The Penguin book of Horror Stories, edited by J. A. Cuddon

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Despite the title, nowadays most of the stories included in this mammoth compilation would I suspect be classified as uncanny rather than horror.  This is because the definition of horror has evolved over the last thirty years, largely under the influence of increasingly-explicit filmic depictions.  That editor J A Cuddon’s view of the form was somewhat dated even as he drew up his list is suggested by his observation that while it also applies to novellas and novels, the horror story is usually regarded as a subset of the short story.  It is a surprising assertion, given that this collection post-dates the beginnings of the careers of such horror novelists as Stephen King, Dean Koontz and Peter Straub.  Cuddon later mentions King and other novelists who have written horror, but he sees the main impetus of horror literature residing in the short form.

Cuddon begins his introduction (much of which one suspects was lifted from his post-graduate thesis on evil and the devil in mediaeval and Renaissance literature) by indicating the range of stories subsumed under the horror label, and does indicate an understanding of what could have been included of recent vintage, of all lengths, mentioning among other writers Anthony Burgess and J. G. Ballard.  Mostly however he is intent to give an erudite, if simplistic, overview of horrific themes in literature from Classical times to the twentieth century.  He usefully charts the movement of horror from being an external force, Hell as a distinct location and Satan acting on the helpless individual, to horror as in internal locus, occurring wherever we happen to be.  In that sense, as he points out, William Hogarth more ably depicted Hell than did Gustave Doré.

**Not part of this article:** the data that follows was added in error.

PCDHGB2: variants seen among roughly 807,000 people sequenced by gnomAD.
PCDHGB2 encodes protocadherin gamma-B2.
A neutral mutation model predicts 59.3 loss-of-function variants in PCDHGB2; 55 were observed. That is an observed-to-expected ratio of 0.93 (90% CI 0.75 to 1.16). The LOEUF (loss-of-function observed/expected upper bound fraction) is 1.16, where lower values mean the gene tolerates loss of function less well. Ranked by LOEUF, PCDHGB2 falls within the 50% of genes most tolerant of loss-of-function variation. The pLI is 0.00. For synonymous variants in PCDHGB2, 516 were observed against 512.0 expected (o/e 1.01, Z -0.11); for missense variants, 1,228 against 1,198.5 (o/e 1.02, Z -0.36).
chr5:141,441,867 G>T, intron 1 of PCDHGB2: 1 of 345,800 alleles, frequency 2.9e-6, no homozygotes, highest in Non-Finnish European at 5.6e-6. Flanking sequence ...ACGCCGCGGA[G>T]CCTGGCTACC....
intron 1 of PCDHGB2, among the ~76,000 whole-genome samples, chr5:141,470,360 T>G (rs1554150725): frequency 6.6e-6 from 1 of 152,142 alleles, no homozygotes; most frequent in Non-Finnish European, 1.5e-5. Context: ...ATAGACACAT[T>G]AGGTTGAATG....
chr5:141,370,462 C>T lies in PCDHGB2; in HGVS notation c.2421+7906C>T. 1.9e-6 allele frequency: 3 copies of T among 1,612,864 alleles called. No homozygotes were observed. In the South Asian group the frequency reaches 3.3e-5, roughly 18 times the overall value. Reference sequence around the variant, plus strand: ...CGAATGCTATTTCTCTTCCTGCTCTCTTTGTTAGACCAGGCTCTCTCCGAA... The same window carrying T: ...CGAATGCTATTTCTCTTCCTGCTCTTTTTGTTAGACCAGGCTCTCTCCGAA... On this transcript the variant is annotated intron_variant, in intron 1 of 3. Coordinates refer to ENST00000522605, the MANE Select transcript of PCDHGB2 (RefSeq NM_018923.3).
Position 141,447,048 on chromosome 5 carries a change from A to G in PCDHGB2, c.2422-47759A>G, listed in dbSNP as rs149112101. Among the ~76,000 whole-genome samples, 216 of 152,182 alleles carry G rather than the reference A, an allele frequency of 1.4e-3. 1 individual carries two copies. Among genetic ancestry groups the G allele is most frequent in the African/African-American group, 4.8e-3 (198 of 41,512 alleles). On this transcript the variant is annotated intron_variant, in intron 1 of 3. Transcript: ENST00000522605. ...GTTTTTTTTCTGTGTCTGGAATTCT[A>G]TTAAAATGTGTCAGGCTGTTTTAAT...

Cuddon’s definition of horror is reasonable enough: it “shocks or even frightens the reader, or perhaps induces a feeling of repulsion or loathing.”  That covers an enormous territory, and even a book of this size can only be a sample, but in the selection you sense a desire to rescue the ‘horror’ story from pulp for literature.  It is significant that he contrasts Sartre’s Huis Clos favourably with Grand Guignol, which he considers “uncouth”, and therefore unworthy, despite its power to induce repulsion and loathing.  He is wary of much recent writing, which he finds “crude or even somewhat obvious”, and has excluded this strand.  But it does raise the question of how representative the book is of horror as it existed in 1984.

The length of the introduction too suggests a need to justify the stories selected as proper literature.  That Cuddon felt some degree of disdain for more populist authors is perhaps indicated by the number included who possesses a good literary pedigree, hence the inclusion of such heavyweights as Honoré de Balzac, Henry James, Guy de Maupassant, Emile Zola, William Faulkner, Evelyn Waugh, Robert Graves and Muriel Spark.  The stories are generally literary too – the use of the word “prick” for penis in one seems extremely transgressive in the context.